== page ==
By LINDA SEEBACH
Scripps Howard News Service
November 13, 2005
The Dover Area School District has been in the news lately, because a group of parents sued the district over the inclusion of intelligent design in the science curriculum. The case is Kitzmiller v. DASD, and it's been extensively covered, from the pro-evolution side, by the blog pandasthumb.org. If you want to read how it looks from the other side, try idthefuture.com, a blog sponsored by the pro-ID Discovery institute.
Testimony wrapped up in the Dover case Nov. 4, and a ruling is expected by the end of the year.
But that's not the news; the news is that Dover school district voters turfed out eight ID supporters on Election Day, and replaced them with eight new members who can tell the difference between science and religion. What effect this will have on the lawsuit is uncertain, but it does show that some voters, at least, are uncomfortable with having their district known as the poster child for scientific backwardness.
Meanwhile, in Kansas, the state Board of Education voted 6-4 to alter the state's science standards to make it easier to introduce ideas such as intelligent design into science classes, where - in the opinion of almost all scientists - they do not belong.
Kansas has to-and-fro'd on this before. In 1999, the state board all but removed any mention of evolution from the standards. The following year voters replaced several board members who had supported the change, and the new board changed them back, more or less. Perhaps the same thing will happen next year, when four of the six people who voted for this change will be up for re-election.
ID supporters, and the Discovery Institute in particular, insist for public consumption that religion plays no role in their support for intelligent design. The Dover trial testimony rather conclusively demolishes that claim, it seems to me, although of course supporters believe exactly the opposite is true. But the institute rather undercuts its own position with e-mails like the one they sent out Wednesday, hailing Pope Benedict XVI's defense of God's role in creation.
The pope said, according to the institute, "Through sacred Scripture, the Lord awakens the reason that sleeps, and tells us that in the beginning is the creative word, the creative reason, that has created everything, that has created this intelligent project of the cosmos."
That's a perfectly respectable belief, and many people, including many scientists, share it. But it isn't a scientific belief. It tells you nothing about what the intelligent designer actually did that resulted in us; was it the first living thing? The first cell with a nucleus? The first vertebrate, the first mammal, the first primate, the first human? If the designer intervened at one or more points, what would the evidence look like?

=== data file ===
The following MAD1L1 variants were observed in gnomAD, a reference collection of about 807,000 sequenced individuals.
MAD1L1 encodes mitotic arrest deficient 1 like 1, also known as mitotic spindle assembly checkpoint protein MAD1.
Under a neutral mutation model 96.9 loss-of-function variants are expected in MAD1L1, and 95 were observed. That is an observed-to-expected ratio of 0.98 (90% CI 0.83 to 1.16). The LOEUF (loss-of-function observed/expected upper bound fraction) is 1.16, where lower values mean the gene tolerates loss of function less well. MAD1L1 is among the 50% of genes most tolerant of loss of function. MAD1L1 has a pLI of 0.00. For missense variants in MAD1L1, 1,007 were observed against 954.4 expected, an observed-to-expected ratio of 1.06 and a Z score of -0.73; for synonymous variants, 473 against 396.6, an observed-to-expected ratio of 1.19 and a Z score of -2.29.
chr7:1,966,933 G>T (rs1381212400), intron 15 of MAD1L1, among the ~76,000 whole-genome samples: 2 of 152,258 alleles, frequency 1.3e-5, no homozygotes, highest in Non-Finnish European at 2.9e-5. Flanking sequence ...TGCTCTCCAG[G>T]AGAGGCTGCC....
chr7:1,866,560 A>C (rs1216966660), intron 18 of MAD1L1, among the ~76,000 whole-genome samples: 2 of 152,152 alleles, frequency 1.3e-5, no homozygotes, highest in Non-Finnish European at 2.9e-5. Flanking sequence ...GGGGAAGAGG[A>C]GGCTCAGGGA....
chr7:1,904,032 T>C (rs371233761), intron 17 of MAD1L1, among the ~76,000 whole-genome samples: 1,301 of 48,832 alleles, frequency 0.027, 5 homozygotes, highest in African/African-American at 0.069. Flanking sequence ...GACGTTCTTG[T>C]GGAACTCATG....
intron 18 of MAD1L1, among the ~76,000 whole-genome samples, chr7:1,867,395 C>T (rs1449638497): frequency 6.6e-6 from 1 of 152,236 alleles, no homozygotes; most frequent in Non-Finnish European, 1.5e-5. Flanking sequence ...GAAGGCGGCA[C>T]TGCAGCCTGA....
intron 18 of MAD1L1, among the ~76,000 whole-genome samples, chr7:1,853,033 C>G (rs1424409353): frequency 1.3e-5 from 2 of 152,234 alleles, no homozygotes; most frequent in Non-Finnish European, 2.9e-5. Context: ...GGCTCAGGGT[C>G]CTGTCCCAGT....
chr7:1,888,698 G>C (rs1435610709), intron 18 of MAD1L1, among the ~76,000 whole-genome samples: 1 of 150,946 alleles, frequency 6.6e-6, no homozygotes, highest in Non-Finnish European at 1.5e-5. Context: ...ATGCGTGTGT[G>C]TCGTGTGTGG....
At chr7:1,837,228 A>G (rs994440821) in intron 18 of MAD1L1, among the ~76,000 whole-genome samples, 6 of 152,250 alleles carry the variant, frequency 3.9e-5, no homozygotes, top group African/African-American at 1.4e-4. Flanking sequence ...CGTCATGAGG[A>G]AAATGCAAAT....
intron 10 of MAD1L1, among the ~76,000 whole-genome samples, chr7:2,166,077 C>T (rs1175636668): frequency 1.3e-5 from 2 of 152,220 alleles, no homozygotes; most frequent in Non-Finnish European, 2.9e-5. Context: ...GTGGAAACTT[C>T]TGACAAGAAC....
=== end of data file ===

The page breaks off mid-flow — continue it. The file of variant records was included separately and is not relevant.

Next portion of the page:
That is, what would it take to turn ID into a real theory, that described the world as it is, explained the world as it is and made predictions about it that could be checked? It needn't be perfect; scientific theories aren't, as the new Kansas standards correctly assert. But what scientists mean when they acknowledge flaws in a theory is just that parts of it still need work, not that the flaws are fatal.
If someone holds a worldview that is essentially religious, and in a form that puts much emphasis on doctrinal purity (not every religious person does) then even small differences seem to be evidence of catastrophic failure. The early Christian church was convulsed by disputes over such now-esoteric distinctions as the one between "homoousian" and "homoiousian," and the distinction between Shiites and Sunnis convulses Islam still. Equally small differences between biologists over the mechanisms of evolution are likewise taken as evidence of catastrophic failure in a scientific theory, when in fact they're the normal and healthy way that science makes progress.
At the blog gnxp.com, Razib writes that most people don't know much about evolution, and really don't care much about it either. Belief in creationism, or in evolution, is more of a "cultural badge," to signal what kind of person you believe yourself to be.
"What you see in places like Dover and Kansas," Razib says, "are periodic swings in political motivation on a topic which isn't really very important to most people." Creationism in the schools (the term is deliberately used interchangeably with ID) "moves a small minority to drastic action only when there is a clear and present danger."
The voters in Dover were moved to take action. And the danger in Kansas is clear and present.